Which is Right for You, Executive Coach or Career Counselor?

One question you may have is what is the difference between an executive coach and a career counselor.  I came across an interesting and similarly titled article which sought to help leaders assess which one is right for them.

The article gave the context that organizational leaders today face many tough challenges such as economic uncertainty, faster technology, globalization. We can add more such as unrelenting competition, talent shortage and workforce mobility, to name a few.

To be successful, leaders must develop not only new skills but also broader and alternative perspectives. The question is, how does a leader go about identifying and developing these?  The answer is, and you guessed right, through working with an executive coach or career counselor.

While both help their clients assess and develop their professional capabilities, these are some distinctions between executive coaches and career counselors, and understanding what kind of transition you are making can hekp you make the right choice.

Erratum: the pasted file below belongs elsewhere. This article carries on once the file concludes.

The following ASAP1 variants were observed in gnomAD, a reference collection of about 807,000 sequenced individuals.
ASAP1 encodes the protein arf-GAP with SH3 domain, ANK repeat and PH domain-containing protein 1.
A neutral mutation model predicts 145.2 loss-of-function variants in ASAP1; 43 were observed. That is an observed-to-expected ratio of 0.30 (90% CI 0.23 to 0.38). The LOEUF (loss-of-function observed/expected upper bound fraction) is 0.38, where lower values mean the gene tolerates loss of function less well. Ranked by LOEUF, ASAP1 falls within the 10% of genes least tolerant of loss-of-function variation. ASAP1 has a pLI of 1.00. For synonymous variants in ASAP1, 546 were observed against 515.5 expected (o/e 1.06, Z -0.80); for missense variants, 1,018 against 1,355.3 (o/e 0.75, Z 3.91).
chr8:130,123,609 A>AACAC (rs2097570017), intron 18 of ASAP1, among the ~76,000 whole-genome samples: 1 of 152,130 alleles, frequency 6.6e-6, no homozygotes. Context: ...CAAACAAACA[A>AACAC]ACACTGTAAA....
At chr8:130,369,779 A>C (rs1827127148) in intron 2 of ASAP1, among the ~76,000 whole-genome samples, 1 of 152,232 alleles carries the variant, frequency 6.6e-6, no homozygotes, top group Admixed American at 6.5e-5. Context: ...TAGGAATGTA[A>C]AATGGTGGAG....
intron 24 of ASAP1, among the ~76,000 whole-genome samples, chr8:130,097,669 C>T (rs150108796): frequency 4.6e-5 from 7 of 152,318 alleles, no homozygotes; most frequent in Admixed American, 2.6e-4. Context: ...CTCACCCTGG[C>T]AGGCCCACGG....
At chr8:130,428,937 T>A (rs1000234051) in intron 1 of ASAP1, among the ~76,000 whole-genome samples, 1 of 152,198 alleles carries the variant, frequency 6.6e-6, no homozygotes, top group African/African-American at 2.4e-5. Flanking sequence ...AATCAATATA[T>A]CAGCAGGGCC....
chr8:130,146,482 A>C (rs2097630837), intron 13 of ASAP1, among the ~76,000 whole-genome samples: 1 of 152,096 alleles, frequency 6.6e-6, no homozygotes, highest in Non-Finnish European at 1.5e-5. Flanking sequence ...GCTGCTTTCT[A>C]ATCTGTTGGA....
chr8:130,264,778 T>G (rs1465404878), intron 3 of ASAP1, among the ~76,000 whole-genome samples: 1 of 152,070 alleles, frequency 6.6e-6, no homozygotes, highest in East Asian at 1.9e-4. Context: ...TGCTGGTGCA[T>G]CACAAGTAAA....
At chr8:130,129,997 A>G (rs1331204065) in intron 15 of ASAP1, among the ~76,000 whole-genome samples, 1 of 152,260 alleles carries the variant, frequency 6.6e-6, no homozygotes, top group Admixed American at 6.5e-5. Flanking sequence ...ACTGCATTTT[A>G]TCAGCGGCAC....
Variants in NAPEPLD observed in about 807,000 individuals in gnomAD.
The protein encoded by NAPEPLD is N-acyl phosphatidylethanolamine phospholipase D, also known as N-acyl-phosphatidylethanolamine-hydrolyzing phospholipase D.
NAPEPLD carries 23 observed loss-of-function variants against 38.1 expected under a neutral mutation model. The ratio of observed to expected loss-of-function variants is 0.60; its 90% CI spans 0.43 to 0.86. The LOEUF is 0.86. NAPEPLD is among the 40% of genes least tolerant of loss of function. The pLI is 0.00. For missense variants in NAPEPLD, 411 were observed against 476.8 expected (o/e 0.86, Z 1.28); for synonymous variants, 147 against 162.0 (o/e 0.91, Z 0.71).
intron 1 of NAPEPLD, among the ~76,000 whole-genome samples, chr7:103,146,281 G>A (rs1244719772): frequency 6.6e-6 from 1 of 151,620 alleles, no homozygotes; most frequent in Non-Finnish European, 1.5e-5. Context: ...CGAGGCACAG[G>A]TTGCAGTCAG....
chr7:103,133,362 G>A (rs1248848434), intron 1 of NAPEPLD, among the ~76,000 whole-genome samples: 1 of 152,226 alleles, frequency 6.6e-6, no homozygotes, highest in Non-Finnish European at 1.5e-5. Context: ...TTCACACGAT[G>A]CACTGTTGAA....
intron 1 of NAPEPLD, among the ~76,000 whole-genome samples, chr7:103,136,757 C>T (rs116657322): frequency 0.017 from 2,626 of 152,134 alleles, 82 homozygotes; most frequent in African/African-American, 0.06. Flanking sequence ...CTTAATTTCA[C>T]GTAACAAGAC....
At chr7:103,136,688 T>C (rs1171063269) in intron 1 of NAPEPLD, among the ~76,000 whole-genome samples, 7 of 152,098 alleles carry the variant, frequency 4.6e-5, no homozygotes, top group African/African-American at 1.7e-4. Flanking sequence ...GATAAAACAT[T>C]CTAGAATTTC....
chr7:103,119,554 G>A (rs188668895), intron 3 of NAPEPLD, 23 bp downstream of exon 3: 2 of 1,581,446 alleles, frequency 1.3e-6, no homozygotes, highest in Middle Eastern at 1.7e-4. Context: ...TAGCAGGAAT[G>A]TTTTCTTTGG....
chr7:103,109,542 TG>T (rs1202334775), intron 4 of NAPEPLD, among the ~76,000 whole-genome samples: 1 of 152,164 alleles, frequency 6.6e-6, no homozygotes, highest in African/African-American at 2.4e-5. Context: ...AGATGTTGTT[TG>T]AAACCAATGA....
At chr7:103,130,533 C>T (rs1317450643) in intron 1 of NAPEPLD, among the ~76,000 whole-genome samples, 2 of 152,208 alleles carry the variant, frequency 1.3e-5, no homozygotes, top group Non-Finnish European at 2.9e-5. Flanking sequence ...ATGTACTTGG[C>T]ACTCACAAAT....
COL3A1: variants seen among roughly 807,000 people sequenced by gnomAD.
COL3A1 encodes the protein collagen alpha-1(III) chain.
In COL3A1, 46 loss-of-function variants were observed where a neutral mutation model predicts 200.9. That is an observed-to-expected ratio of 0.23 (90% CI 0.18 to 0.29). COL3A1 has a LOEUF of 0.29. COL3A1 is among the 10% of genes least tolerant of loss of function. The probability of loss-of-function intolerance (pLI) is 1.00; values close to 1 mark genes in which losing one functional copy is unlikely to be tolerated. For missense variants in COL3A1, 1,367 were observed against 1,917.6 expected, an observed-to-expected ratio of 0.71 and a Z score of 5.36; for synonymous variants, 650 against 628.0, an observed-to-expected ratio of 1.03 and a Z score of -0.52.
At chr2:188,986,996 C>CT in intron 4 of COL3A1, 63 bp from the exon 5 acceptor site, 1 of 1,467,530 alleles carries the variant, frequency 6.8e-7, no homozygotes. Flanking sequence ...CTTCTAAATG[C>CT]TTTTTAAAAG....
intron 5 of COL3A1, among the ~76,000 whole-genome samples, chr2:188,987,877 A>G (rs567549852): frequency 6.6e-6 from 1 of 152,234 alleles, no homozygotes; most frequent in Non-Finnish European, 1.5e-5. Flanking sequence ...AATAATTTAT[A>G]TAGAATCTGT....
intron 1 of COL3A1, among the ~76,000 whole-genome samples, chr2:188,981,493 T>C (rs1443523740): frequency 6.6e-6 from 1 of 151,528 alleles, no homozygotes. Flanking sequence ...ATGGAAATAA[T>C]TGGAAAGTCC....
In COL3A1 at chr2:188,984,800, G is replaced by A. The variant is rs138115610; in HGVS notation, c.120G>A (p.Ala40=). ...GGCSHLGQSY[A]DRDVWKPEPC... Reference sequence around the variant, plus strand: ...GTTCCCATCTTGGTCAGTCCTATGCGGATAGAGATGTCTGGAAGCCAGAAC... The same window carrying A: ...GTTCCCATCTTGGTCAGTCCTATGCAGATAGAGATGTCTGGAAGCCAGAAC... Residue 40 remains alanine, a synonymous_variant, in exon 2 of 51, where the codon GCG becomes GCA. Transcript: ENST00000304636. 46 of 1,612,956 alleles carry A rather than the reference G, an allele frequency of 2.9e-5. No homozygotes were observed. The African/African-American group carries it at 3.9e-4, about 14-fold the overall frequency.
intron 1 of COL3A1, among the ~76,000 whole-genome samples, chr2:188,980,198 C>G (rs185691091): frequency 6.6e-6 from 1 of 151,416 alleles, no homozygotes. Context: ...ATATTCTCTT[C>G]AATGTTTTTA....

If you are making a career change or are considering one, a career counselor may be more helpful to you in identifying and exploring your career options. Career counselors would have more information about job and career opportunities in various industries.  They can also do assessments of your interests and skills.

If you are working to develop your full potential, which is a never ending journey, an executive coach is the better choice.  Executive coaches help you in ascertaining and focusing on your priority development goals and in moving forward to achieve these.

In a nutshell, if you are making a career change, seek a career counselor, and if you need support in moving foward to develop your full potential, seek an executive coach.